Tourism / Hong Kong
Epicurean delights can be found around every corner in Hong Kong. Top restaurant and hotel chefs work hard to please the city’s discerning diners – and casual options are equally exciting. Hong Kong proves that there’s no such thing as too many cooks.
Basement food halls are a popular lunchtime spot around Asia but BaseHall is taking the communal concept to new culinary heights. The tasty new food hall sits at the bottom of Jardine House in the central business district and brings together a who’s who of Hong Kong’s hottest independent restaurateurs.
Soho’s Treehouse brings its veggie wraps to Central, while Roti Tori is a rotisserie chicken concept by the Sheung Wan yakitori specialists Yardbird. The globe-spanning food stalls range from Korean cuisine at Moyo Sik to tacos from Westside Taqueria and Mexican chef Esdras Ochoa. New Yorker Wil Fang provides something sweet at the Cookie Department, and, to top it all off, there’s a coffee-to-cocktail bar staffed by the Mandarin Oriental, which keeps pouring until late.
“Our aim was to create a platform to reduce the barriers to entry for F&B operators to try out creative concepts in a prime location,” says Tom Andrews, a senior asset manager at Hongkong Land (HKL) and the brains behind BaseHall.
(Left to right)
Nick Chan Co-founder, Roti Tori
Alex Huels Director of F&B, Mandarin Oriental & BaseHall Bar
Lindsay Jang Co-founder, Roti Tori
Matt Abergel Co-founder, Roti Tori
Tom Andrews Senior asset manager, HKL
Pamela Yeung Asset management officer, HKL
Melody Ho Assistant property analyst, HKL
Wil Fang Owner, Cookie DPT
Francesco Lee Owner, Moyo Sik
Jon Chan Co-founder, Westside Taqueria
Alice Stevenson Assistant asset manager, HKL
Brian Woo Owner, Co Thanh
Christian Mongendre Owner, Treehouse
My Hong Kong
Toby Smith, deputy chairman, Swire Hotels
Launched in 2008, Swire Hotels has two Hong Kong sites: its luxury Upper House in Admiralty and the larger, more leisurely East in Taikoo Shing. “We wanted to create hotels that were full of soul,” says deputy chairman Toby Smith, who joined the Swire conglomerate in 1991. The Englishman took up tennis during his first post in Sydney and, after working around the world, has brought his racquet to Hong Kong. Smith is now searching for hotel sites in Japan, Korea and Australia. “We have a great brand and we want to introduce it to more people,” he says.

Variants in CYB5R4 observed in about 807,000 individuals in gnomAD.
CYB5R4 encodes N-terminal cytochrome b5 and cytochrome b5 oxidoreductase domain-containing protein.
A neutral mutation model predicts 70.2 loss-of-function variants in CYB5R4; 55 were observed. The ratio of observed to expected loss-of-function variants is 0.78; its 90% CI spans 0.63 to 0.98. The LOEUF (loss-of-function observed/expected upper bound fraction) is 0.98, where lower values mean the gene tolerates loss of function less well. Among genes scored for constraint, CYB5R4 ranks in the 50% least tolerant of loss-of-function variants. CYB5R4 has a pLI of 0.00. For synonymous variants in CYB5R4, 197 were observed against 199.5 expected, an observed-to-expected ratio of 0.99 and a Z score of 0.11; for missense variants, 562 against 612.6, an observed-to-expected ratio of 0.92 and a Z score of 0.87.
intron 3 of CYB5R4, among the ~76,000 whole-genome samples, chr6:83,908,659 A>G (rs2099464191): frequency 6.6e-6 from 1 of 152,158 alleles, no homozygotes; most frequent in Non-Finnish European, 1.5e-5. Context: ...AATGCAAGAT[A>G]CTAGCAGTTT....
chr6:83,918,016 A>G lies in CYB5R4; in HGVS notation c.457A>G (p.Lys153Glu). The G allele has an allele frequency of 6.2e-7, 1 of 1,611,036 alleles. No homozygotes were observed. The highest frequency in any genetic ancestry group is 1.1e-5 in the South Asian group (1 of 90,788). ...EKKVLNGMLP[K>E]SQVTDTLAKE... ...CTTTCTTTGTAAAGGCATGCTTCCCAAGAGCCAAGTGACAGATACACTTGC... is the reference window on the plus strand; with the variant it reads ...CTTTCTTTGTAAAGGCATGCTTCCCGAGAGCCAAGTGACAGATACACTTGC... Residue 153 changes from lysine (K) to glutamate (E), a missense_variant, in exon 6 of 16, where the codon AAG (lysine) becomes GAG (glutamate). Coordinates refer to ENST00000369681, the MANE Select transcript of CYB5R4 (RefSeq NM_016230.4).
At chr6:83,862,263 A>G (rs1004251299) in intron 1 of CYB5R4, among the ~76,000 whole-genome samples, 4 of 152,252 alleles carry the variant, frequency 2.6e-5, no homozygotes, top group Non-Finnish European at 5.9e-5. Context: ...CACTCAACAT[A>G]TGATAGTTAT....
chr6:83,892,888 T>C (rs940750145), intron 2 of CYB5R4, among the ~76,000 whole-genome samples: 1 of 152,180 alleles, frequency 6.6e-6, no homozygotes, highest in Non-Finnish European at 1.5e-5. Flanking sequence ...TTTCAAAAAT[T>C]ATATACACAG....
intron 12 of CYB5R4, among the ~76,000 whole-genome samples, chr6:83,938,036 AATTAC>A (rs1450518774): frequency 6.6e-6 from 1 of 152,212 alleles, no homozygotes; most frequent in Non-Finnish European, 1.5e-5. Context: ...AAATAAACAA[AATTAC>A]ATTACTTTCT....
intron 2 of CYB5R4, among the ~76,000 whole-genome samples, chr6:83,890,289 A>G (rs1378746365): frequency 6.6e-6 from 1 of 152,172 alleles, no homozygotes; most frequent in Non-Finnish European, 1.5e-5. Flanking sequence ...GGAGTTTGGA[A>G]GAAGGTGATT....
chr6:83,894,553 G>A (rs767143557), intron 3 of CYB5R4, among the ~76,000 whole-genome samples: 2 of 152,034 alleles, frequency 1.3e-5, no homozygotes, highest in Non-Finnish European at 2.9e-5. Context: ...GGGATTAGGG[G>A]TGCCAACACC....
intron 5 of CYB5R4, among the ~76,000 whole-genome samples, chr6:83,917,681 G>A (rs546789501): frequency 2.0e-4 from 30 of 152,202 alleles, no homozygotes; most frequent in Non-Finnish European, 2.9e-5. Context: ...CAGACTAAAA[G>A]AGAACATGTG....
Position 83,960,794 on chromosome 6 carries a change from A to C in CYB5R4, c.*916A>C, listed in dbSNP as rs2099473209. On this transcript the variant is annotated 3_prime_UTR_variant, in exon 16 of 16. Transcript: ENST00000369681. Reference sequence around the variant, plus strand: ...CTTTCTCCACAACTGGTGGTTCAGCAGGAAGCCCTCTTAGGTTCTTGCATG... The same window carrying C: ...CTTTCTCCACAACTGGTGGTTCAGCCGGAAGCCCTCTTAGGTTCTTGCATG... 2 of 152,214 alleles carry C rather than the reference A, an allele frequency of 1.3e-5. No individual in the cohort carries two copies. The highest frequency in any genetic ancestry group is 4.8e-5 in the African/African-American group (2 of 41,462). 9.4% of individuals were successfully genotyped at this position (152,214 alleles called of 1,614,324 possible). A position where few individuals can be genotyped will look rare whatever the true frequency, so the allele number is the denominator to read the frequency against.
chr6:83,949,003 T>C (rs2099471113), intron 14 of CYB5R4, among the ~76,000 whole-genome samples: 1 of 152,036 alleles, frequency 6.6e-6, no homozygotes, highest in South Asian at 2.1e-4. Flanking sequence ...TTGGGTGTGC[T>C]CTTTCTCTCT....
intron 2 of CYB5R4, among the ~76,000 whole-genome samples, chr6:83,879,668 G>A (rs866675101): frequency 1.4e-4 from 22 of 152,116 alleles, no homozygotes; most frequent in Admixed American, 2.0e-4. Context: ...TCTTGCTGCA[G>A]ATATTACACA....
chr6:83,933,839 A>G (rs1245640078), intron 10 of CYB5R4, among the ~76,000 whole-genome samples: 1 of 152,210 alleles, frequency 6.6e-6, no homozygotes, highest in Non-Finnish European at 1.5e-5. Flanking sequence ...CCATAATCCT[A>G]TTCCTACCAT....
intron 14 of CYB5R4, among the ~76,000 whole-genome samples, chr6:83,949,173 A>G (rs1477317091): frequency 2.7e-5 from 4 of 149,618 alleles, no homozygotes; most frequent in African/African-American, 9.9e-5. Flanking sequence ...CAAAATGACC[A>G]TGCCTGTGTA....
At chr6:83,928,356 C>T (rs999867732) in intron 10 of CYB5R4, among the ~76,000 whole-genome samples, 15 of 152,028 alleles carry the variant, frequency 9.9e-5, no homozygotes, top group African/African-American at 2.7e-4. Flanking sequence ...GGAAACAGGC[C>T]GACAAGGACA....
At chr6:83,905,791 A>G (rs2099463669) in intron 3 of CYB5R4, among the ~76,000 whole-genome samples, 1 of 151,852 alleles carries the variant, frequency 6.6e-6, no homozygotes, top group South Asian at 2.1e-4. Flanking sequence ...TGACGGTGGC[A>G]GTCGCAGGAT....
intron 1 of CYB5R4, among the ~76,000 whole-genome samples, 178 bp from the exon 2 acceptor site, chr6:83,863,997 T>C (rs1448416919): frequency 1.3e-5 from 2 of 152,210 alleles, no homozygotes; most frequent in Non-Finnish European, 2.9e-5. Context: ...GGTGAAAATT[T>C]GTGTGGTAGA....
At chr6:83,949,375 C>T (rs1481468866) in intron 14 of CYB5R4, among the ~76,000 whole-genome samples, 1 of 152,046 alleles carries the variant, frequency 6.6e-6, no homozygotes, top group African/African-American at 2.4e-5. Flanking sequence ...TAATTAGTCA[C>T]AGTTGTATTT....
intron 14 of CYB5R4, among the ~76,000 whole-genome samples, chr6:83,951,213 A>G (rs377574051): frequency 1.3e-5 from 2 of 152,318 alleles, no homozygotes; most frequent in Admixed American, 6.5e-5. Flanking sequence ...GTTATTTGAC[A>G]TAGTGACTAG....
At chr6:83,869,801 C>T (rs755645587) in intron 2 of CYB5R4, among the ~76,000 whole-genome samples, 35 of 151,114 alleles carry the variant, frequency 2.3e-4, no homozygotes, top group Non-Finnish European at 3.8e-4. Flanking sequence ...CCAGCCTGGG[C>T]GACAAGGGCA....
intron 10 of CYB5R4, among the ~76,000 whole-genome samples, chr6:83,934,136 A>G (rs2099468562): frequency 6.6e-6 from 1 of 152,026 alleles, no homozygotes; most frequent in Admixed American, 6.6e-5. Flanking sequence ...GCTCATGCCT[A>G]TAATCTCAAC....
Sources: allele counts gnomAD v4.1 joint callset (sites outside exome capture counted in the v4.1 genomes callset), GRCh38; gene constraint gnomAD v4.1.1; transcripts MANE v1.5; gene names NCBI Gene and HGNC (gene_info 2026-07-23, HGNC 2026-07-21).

Windows on the world
Three F&B businesses
Hong Kong’s hospitality entrepreneurs are as well travelled as the customers they serve. Take a seat at these three international imports for a taste of why Asia’s world city is a recipe for success.
Breakfast: Baked, Sheung Wan
Sixth-generation South-African baker Zahir Mohamed moved to Hong Kong with his jar of 50-year-old sourdough starter and opened Baked in 2018.
Coffee: Fineprint, Tai Hang
Co-founded by veteran Aussie barista Scottie Callaghan, Fineprint opens early for Hong Kong’s fitness fanatics and later turns into an intimate bar.
Dinner: Hansik Goo, Central
Hansik Goo honours Korean’s home-style and street-food classics created by chef Mingoo Kang, who made his name at Seoul’s Mingles restaurant.
Feather & Bone
Feather & Bone is staking a claim to be Hong Kong’s neighbourhood butcher, having recently expanded across the New Territories. Founder Paul Daley set out to replicate the butchers from his native UK. “We wanted a quality butcher where you could have a glass of wine or a coffee,” says Daley, who has since broadened the business to include a delicatessen, grocery shop and an all-day-dining restaurant. “We want to reach 15 stores in Hong Kong,” says Daley who also has an eye for expansion to Thailand, Vietnam and mainland China. Sai Kung is the latest opening and a cooking studio designed by Sean Dix is on the boil.
Made to order
“One of the signature things we offer is that in any of our restaurants, people can choose their steak from the butcher’s counter and have it cooked in front of them,” says director of operations Mark Chan (pictured). “In many ways that’s a reframing of a very local concept with the seafood restaurants. Diners can pick their fish or oysters, have it cooked in front of them and see the provenance of those products.”